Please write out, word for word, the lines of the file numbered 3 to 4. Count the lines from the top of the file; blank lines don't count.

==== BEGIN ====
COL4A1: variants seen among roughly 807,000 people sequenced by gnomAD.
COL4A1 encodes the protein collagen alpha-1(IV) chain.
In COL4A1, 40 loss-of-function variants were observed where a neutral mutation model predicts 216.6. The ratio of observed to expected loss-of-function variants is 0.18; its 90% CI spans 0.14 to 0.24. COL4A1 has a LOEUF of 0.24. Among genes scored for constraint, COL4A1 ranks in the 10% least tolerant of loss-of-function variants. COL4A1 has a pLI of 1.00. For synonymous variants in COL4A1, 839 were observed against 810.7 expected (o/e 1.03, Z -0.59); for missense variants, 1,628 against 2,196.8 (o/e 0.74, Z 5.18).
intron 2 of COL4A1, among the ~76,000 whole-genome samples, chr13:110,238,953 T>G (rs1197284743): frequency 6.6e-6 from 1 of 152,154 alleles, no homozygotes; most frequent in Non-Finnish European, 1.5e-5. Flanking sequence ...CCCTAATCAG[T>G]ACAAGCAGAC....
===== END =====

In COL4A1, 40 loss-of-function variants were observed where a neutral mutation model predicts 216.6. The ratio of observed to expected loss-of-function variants is 0.18; its 90% CI spans 0.14 to 0.24. COL4A1 has a LOEUF of 0.24. Among genes scored for constraint, COL4A1 ranks in the 10% least tolerant of loss-of-function variants. COL4A1 has a pLI of 1.00. For synonymous variants in COL4A1, 839 were observed against 810.7 expected (o/e 1.03, Z -0.59); for missense variants, 1,628 against 2,196.8 (o/e 0.74, Z 5.18).
intron 2 of COL4A1, among the ~76,000 whole-genome samples, chr13:110,238,953 T>G (rs1197284743): frequency 6.6e-6 from 1 of 152,154 alleles, no homozygotes; most frequent in Non-Finnish European, 1.5e-5. Flanking sequence ...CCCTAATCAG[T>G]ACAAGCAGAC....